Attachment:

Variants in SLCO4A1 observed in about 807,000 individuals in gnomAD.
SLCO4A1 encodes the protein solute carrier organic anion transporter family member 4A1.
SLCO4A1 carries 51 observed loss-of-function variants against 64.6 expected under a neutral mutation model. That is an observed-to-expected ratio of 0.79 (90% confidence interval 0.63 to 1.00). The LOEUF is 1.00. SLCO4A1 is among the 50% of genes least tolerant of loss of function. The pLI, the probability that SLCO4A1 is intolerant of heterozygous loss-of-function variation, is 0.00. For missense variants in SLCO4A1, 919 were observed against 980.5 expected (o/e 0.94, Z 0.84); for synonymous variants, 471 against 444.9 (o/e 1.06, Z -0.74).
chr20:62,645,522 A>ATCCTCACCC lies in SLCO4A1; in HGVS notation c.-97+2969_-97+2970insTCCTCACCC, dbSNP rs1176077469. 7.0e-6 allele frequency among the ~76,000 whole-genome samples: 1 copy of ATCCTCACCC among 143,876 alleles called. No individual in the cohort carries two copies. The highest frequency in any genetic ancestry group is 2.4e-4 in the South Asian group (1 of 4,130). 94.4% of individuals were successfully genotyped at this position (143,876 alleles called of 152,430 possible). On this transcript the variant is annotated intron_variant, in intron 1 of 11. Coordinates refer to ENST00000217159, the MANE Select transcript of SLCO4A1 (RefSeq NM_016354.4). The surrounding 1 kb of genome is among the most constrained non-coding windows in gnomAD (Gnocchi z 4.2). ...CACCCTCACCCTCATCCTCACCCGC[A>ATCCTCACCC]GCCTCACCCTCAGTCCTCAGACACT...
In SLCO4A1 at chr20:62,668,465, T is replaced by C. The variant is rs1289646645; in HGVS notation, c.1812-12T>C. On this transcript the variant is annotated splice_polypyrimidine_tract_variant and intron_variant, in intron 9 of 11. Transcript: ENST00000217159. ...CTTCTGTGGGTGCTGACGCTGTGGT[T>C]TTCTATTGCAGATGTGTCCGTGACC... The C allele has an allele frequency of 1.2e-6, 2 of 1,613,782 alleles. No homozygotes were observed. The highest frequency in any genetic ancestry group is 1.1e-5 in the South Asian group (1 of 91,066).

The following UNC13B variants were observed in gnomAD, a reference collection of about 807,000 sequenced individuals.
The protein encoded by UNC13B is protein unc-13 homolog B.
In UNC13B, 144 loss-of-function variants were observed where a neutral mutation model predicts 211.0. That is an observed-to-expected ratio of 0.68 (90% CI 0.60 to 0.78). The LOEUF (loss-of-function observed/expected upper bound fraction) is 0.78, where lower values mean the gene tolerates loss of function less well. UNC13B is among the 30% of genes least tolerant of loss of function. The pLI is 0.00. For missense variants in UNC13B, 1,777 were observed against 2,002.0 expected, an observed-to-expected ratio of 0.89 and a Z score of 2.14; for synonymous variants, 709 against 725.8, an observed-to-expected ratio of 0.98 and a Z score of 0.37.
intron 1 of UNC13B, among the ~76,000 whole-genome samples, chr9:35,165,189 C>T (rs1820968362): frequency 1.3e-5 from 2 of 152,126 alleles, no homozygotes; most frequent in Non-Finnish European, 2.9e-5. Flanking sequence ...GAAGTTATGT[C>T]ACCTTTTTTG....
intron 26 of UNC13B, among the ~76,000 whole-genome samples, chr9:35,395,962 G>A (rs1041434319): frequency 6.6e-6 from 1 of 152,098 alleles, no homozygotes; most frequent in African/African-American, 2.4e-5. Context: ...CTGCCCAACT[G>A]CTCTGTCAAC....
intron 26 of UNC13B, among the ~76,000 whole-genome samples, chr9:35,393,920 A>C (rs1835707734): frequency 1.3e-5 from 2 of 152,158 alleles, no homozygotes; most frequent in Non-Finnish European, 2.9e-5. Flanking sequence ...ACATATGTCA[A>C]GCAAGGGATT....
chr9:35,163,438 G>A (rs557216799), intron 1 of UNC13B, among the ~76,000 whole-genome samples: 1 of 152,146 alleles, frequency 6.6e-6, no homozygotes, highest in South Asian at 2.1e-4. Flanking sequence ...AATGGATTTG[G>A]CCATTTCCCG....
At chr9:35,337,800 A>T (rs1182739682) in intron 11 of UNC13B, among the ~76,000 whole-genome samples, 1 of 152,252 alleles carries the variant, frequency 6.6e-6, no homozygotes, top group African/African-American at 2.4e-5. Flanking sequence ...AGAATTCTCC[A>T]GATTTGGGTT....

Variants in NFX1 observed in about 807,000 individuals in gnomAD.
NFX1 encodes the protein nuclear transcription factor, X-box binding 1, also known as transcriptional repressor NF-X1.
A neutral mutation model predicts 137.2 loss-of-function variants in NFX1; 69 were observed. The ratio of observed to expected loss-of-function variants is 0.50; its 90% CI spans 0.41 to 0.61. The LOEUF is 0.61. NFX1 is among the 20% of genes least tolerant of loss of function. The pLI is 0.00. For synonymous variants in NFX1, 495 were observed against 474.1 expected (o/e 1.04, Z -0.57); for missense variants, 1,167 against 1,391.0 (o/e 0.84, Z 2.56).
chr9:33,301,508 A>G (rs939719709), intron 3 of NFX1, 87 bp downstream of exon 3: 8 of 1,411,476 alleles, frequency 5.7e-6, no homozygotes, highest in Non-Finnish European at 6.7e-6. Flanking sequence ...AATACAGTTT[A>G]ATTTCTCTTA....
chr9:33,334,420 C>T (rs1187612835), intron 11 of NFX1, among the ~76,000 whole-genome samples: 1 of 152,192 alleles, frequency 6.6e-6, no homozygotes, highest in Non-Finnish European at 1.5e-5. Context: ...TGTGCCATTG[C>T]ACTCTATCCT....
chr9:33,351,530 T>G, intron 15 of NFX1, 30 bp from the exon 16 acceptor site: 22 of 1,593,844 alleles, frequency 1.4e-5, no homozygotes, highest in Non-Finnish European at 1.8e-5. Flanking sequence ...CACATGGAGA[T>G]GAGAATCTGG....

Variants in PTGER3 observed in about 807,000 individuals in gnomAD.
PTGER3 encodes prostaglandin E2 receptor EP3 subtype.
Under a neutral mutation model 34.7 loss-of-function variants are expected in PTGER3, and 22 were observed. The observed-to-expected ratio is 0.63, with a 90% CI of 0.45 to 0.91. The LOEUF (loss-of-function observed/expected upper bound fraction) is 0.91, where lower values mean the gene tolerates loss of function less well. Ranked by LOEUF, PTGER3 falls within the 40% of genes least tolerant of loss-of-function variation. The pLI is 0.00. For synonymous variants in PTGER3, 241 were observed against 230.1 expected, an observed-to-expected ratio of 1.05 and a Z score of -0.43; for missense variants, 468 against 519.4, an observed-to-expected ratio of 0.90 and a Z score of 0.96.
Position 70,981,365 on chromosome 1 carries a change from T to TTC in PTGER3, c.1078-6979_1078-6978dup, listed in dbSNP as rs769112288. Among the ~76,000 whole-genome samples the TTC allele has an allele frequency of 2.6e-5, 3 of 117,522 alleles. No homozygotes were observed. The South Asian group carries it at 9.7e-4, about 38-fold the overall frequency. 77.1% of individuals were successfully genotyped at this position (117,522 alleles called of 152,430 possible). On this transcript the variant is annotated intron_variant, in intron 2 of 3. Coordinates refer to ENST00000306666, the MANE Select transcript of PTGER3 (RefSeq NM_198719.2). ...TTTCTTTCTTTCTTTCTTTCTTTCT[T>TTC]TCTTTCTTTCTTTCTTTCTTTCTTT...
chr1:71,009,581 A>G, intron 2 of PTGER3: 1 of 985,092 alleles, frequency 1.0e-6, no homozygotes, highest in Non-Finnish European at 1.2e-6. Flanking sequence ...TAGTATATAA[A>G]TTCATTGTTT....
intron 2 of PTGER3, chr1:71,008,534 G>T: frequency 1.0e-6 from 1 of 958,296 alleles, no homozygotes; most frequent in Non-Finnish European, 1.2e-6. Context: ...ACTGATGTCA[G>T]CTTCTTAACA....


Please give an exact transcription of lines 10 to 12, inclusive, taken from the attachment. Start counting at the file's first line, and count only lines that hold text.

intron 26 of UNC13B, among the ~76,000 whole-genome samples, chr9:35,395,962 G>A (rs1041434319): frequency 6.6e-6 from 1 of 152,098 alleles, no homozygotes; most frequent in African/African-American, 2.4e-5. Context: ...CTGCCCAACT[G>A]CTCTGTCAAC....
intron 26 of UNC13B, among the ~76,000 whole-genome samples, chr9:35,393,920 A>C (rs1835707734): frequency 1.3e-5 from 2 of 152,158 alleles, no homozygotes; most frequent in Non-Finnish European, 2.9e-5. Flanking sequence ...ACATATGTCA[A>C]GCAAGGGATT....
chr9:35,163,438 G>A (rs557216799), intron 1 of UNC13B, among the ~76,000 whole-genome samples: 1 of 152,146 alleles, frequency 6.6e-6, no homozygotes, highest in South Asian at 2.1e-4. Flanking sequence ...AATGGATTTG[G>A]CCATTTCCCG....